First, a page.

Saturday, June 17, 2006

Underground Radio

Radio Venceremos and Radio Farabundo Marti from back in the day. More videos on related topics here.


At 6/21/2006 5:07 PM, Blogger Cairo The Boxer said...

Great video. It is amazing that not much has changed since the war ended. It's really sad. Have you been to El Salvador? Are you Salvadorian?

At 6/21/2006 5:11 PM, Blogger Comandante Agí said...

...I see my wife got the first comment int (she does the dog blogging).

My father-in-law left El Salvador right before the civil war broke out, but he knows people on both sides of the conflict.

If you haven't watched it, I'd recommend the film Voces Innocentes (Innocent Voices) about the Salvadoran conflict.

At 6/22/2006 6:13 AM, Blogger velid said...

Hi Cairo,

I am not Salvadoran, but I have been to El Salvador. I was there in the early 90s as an election observer. What I saw there was amazing. A long story.

From 89-93 or so, I was an organizer for CISPES, working in the US in support of Salvadoran labor unions and, to a certain extent, the FMLN. After that, I did some work on a sister city project. Anyway, pretty deeply involved. So the video definitely resonates.

A friend of mine just happened upon it browsing through YouTube.

Hey Agi,

I haven't seen Innocent Voices. Thanks for the recommendation. I will definitely check it out.

At 6/23/2006 7:47 AM, Blogger Comandante Agí said...

Last year I went to El Salvador for the first time (my wife has been there numerous times). Visiting the church where Archbishop Romero was assassinated was quite powerful. We also visited his personal residence, which has been kept exactly as it was the day he was killed.

A nun gave us a private tour and showed us some photos that were taken the Monday evening when Romero was killed. She told us how immediately after Romero was shot a man appeared outside of the church with a pickup truck. He offered to rush Romero to the hospital. One of the nuns rode in the pickup with Romero because she didn’t trust the driver. Once on the road he started driving in the opposite direction of the hospital, thus confirming her suspicions about the man. She eventually convinced him (the rumor is she was one tough nun) to turn around and drop her and Romero to the hospital.

The kicker…in the photograph taken on that day, the truck had a Michigan license plate. It seemed odd to me that there would be a Good Samaritan appearing at that moment with Michigan plates on his truck. Now I ain’t one to be a conspiracy theorist but I would suspect the CIA had a hand in Romero’s death, and it seems like the pickup driver was there to dispose of the body.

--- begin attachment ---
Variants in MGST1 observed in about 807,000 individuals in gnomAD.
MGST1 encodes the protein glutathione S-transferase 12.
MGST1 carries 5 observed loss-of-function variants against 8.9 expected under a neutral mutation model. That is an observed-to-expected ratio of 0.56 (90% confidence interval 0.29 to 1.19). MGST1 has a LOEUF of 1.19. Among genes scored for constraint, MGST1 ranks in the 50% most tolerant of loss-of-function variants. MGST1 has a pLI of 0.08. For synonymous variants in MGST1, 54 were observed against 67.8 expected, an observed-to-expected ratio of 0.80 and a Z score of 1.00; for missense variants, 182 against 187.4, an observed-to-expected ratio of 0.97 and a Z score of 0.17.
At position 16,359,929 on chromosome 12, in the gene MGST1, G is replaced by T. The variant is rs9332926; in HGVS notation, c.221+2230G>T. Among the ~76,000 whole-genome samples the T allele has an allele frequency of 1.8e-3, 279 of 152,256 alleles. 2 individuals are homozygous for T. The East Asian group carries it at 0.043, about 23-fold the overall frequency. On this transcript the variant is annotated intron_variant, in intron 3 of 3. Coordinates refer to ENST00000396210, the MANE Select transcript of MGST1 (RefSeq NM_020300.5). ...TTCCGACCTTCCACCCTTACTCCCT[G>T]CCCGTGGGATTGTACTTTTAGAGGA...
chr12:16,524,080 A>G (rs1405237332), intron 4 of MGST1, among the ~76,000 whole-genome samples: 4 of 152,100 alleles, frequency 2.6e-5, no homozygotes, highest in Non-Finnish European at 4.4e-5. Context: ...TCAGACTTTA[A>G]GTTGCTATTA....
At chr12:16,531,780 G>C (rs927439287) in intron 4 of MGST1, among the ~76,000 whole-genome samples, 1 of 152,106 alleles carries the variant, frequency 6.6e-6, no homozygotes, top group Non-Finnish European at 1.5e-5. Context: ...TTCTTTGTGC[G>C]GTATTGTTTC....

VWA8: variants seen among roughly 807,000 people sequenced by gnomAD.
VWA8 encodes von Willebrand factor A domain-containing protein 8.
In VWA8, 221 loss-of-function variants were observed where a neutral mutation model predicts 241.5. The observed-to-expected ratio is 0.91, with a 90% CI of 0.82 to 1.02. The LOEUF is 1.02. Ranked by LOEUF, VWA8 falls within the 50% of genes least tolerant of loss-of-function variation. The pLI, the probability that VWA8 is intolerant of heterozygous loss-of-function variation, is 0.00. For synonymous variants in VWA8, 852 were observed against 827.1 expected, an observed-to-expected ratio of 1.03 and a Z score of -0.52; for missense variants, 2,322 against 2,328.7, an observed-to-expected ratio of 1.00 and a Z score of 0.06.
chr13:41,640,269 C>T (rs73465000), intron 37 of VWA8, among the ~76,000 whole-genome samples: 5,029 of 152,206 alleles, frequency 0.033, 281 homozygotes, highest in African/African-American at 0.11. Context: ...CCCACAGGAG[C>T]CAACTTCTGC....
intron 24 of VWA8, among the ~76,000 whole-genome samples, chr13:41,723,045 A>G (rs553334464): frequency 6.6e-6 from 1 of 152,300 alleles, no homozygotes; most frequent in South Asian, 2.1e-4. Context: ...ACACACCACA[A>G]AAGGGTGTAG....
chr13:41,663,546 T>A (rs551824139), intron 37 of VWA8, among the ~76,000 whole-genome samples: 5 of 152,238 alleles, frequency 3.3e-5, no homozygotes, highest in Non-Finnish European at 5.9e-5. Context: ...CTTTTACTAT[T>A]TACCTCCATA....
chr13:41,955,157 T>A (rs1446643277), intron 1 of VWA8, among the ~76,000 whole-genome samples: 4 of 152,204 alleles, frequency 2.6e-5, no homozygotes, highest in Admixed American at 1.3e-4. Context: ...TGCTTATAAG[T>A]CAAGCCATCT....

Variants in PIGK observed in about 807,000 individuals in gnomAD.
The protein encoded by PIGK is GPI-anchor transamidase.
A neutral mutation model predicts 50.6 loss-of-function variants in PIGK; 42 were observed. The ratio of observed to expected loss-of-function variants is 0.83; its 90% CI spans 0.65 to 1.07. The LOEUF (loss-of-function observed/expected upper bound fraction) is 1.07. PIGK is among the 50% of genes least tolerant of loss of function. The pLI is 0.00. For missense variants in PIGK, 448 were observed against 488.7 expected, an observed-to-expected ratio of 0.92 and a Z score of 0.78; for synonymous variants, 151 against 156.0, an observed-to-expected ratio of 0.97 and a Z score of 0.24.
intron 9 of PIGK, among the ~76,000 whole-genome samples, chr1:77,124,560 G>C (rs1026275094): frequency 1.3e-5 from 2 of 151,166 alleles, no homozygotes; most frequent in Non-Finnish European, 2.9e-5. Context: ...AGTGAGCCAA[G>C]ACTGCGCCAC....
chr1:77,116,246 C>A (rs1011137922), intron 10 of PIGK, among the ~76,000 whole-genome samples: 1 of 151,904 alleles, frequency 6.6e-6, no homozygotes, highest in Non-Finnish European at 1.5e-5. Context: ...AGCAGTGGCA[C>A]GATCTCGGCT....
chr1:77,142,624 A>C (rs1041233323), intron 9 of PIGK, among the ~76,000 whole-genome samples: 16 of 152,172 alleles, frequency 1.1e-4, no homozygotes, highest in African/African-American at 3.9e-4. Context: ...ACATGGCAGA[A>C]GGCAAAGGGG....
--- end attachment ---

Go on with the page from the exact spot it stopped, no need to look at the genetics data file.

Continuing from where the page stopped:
Anyways, we are planning to spend this Christmas in El Salvador with my wife’s family. I hope to see the civil war/guerrilla museum in Perquin this time.

At 6/23/2006 7:34 PM, Blogger velid said...

Hey Agi,

Very interesting story. Yeah, I am sure that the US had someone involved in the Romero assassination and in the murder of the Jesuits later. Roberto D'Abuisson -- blowtorch Bob -- was with out a doubt behind it and he was the US pointman in the death squads, trained at School of the Americas, like so many other butchers. We had a big party when he died.

I met a guerilla commander and former Jesuit when I was down there who had worked with Romero. An incredibly charismatic and intelligent guy. He was assassinated a couple of months after my visit, rumor has it by US special forces.

The war was still hot when I was there, but it was winding down. Despite the international scrutiny brought by an election -- Jimmy Carter was there I think -- lots of shit was going on. We took advantage of the relative lull to visit some villages in the FMLN zone of control in Chalatenango -- San José Las Flores and Arcatao. Amazing stories of survival and hope in the face of total war.

Anyway, I organized a lot of delegations there afterwards, but I never got to go back myself. Some day.

I have kind of fallen out of touch with current events there --- I didn't even know they had had a civil war/guerrilla museum. That should be extremely interesting. Almost too much history for such a small country.


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